Literary apartheid in the post‐war London novel: finding the middle ground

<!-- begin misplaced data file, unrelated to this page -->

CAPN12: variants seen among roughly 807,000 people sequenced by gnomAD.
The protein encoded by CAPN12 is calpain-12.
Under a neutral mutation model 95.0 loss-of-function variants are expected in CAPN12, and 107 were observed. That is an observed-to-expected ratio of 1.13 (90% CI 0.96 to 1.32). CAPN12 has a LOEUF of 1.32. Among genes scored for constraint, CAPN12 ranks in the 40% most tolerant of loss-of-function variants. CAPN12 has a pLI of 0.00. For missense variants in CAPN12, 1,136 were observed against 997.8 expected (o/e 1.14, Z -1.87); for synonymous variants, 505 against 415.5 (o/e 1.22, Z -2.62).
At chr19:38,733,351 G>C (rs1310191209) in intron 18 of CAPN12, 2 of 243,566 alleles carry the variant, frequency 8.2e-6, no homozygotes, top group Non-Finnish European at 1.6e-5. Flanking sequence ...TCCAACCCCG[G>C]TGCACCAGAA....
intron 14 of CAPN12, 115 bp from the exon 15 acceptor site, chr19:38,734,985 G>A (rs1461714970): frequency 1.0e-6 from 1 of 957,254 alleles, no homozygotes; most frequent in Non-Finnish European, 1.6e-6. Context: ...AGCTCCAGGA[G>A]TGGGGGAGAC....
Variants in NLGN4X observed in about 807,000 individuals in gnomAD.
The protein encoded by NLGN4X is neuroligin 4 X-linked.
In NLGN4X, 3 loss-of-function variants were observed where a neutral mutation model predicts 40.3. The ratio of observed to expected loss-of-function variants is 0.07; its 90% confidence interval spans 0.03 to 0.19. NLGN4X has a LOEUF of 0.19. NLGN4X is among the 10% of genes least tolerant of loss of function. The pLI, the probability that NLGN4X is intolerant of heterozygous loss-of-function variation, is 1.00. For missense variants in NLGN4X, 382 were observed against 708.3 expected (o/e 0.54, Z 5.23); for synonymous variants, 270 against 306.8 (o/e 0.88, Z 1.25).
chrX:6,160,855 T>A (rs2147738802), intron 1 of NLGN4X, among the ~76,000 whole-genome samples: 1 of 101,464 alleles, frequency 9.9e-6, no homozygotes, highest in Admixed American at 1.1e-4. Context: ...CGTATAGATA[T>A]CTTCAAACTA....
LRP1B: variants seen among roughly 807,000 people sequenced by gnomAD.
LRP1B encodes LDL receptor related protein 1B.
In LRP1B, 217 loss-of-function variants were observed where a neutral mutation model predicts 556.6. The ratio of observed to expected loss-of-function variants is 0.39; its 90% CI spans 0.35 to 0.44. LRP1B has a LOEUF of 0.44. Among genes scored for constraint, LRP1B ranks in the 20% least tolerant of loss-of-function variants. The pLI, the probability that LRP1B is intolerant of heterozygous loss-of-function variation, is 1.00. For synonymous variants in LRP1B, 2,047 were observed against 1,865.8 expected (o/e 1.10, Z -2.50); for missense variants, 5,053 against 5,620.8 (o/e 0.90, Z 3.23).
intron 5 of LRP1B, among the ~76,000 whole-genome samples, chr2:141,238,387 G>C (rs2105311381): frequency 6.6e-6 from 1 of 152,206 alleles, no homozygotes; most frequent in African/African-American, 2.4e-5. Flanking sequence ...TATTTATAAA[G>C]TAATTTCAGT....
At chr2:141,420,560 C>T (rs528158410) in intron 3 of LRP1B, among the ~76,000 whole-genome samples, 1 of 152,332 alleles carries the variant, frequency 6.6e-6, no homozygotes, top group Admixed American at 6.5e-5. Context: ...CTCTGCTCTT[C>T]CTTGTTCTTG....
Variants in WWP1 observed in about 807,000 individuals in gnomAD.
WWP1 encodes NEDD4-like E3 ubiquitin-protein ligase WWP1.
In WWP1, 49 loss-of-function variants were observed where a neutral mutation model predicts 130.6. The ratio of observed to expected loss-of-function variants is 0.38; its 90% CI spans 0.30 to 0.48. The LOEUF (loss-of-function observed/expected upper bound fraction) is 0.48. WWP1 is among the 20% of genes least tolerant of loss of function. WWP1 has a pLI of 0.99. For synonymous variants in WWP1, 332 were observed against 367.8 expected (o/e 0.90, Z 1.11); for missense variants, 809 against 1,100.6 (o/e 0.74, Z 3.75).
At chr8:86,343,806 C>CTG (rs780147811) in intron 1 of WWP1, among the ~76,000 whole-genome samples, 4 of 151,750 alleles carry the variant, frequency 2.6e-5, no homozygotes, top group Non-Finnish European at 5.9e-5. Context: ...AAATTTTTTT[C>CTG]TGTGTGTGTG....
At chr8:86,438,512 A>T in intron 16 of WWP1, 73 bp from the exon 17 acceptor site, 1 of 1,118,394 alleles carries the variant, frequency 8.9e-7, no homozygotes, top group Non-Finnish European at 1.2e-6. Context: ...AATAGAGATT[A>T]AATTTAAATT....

This article examines the development of literary apartheid in post‐war English fiction. While Anglo‐English novelists have generally not included black or Asian characters, London novelists have been an exception to the prevailing little Englandism. Separate critical traditions have also played a role: Anglo‐English critics have shown little interest in race, while black and Asian critics have been engaged in the necessary task of tracing black and Asian British traditions. Drawing on key texts from the 1950s to the 1970s (Colin MacInnes and Barbara Pym) and from the 1980s to the present (Michael Moorcock and Maggie Gee), the essay discusses varied Anglo‐English responses to the development of London as a multicultural city.
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